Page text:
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Wound Care > Research and Science > A newly-discovered protein gives hope for treatment that will reduce the risk of amputation

A newly-discovered protein gives hope for treatment that will reduce the risk of amputation

New findings from British scientists at the Universisty of Bristol could lead to future treatments to prevent lower limb amputations in diabetes (Caporali, A. et al. (2008) Circulation Research 103 (2): 15-26).

Amputation of toes or the whole foot is often no longer avoidable

Diabetes can have serious complications such as e.g. a diabetic foot. In Germany alone, every fourth out of the 4 mio people affected can be regarded as a patient at risk of developing a diabetic foot (Source: www.ot-forum.de). This occurs due to obstruced vessels which lead to a restriction of blood supply to and healing capacity of the affected areas. Because of physical reasons, legs and feet are often severely affected. After blood supply is obstructed, the tissue seems to be unable to heal itself
by growing new blood vessels, the wounds fail to heal and amputation may be the only option.

British scientists grouped around C. Emanueli found a protein, p57NTR, which plays a decisive role in the delayed tissue regeneration in diabetes patients. Diabetes causes the increased formation of p57NTR in the cells lining the blood vessels and prevents the growth of new blood vessels and recovery of tissue following inadequate blood flow. In healthy blood vessels, this protein is almost not present, so that the development of new blood vessels and healing of the obstructed blood supply and wounds is rapid.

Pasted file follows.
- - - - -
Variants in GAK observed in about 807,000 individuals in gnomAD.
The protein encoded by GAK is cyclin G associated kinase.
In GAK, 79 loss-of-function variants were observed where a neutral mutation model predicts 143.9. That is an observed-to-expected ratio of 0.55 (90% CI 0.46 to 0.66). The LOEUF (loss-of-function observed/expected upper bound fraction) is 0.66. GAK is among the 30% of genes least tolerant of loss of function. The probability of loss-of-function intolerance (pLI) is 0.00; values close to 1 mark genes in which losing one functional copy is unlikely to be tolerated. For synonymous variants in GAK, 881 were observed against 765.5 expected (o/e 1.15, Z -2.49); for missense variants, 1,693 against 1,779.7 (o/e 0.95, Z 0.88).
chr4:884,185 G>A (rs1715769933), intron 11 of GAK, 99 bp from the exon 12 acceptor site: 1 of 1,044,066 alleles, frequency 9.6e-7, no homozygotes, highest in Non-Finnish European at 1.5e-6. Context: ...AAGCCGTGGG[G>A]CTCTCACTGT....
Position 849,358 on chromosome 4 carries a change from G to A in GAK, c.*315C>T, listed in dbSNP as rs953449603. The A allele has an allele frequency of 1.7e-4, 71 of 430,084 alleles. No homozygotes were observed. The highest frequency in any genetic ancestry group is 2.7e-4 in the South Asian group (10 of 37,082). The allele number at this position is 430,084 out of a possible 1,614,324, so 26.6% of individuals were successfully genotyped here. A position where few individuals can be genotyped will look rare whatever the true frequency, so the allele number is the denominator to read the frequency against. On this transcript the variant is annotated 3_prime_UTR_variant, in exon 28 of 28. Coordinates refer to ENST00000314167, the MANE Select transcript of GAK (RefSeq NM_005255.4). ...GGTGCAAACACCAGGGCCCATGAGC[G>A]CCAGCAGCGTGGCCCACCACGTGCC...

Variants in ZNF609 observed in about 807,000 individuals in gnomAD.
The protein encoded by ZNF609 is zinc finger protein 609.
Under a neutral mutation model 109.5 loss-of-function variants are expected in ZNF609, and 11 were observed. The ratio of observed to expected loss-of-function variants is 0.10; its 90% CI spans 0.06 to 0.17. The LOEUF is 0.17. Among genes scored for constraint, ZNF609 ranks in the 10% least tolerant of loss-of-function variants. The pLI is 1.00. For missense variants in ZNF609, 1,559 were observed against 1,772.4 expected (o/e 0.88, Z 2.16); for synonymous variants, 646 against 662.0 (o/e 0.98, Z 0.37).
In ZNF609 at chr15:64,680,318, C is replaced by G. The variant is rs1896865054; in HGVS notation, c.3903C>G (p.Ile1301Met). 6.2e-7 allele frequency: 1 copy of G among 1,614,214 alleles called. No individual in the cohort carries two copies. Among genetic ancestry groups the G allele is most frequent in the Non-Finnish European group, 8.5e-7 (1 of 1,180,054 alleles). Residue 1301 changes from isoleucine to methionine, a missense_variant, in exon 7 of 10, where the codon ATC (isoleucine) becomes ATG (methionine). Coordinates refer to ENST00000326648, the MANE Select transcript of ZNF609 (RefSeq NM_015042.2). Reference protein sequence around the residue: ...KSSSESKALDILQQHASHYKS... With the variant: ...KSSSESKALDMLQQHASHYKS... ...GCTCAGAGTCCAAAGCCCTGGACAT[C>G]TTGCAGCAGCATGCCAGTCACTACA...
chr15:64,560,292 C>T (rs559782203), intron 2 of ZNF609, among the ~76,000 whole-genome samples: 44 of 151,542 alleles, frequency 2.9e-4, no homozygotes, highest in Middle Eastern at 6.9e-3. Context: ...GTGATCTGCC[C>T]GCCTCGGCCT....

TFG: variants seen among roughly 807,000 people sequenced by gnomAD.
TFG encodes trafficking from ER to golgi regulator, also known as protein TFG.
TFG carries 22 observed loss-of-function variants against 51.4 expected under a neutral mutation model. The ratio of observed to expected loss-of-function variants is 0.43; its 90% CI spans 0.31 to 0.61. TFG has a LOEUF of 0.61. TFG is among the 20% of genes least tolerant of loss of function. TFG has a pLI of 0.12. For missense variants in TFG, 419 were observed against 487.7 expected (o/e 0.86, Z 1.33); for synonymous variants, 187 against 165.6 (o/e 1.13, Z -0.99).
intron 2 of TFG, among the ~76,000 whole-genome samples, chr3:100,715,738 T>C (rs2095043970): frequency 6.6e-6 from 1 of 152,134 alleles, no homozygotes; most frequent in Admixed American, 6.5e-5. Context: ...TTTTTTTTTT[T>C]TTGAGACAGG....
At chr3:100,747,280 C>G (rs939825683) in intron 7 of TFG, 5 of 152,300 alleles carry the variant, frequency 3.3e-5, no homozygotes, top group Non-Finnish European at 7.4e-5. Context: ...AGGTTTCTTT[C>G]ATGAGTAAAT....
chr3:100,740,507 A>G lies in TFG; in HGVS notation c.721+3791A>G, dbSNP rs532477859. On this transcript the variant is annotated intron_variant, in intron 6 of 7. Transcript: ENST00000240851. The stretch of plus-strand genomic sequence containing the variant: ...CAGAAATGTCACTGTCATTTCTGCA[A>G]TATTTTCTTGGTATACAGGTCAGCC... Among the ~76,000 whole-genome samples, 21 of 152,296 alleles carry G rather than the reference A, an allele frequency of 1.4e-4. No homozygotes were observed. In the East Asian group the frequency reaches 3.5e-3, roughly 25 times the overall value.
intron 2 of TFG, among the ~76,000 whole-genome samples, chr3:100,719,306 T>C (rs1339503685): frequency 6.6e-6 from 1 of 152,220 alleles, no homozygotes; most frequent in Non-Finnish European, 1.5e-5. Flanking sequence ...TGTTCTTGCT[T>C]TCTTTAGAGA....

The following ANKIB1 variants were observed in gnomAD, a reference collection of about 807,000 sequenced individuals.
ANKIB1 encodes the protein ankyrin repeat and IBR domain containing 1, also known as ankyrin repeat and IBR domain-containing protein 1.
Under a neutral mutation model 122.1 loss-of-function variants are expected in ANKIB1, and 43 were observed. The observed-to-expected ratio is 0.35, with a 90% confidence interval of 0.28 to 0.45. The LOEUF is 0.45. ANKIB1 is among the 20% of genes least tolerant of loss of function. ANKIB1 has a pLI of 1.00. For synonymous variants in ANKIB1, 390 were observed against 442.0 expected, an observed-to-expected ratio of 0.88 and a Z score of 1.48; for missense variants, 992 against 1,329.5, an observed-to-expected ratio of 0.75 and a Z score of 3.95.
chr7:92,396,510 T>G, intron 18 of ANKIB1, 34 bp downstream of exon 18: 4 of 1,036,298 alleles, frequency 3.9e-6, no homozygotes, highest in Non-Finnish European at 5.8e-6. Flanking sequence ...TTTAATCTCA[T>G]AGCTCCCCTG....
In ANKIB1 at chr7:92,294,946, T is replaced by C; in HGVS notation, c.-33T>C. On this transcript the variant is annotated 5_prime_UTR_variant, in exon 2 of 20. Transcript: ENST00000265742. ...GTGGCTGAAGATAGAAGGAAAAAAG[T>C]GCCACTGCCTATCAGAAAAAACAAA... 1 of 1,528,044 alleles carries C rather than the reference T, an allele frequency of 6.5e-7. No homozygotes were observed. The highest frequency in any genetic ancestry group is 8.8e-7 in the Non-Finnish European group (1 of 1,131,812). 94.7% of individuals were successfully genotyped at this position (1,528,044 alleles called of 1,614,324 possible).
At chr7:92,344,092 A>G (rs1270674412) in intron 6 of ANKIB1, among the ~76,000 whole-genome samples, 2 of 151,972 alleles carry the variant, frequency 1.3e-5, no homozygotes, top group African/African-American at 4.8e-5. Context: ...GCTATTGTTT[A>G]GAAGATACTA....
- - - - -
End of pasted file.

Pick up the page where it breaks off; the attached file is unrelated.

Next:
In order to demonstrate the harmful action of this particular protein, Dr. Emanueli’s group put the  p57NTR into healthy blood vessel cells of tissue and restricted blood supply which caused impaired healing identical to that seen in diabetes. A further proof was achieved by carrying out an animal experiment in diabetic mice. The researchers inhibited this protein which was present due to diabetes before restricting the blood supply. The researchers found that p75NTR inhibition enabled the limb to recover from the restricted blood flow and be well supplied with blood.
The findings demonstrate that by suppressing the action of one particular protein, recovery of tissues following inadequate blood flow can be improved. Before these findings will open up new avenues for their use to combat diabetes-induced vascular disease, further laboratory tests of human specimen are required to confirm these preliminary results.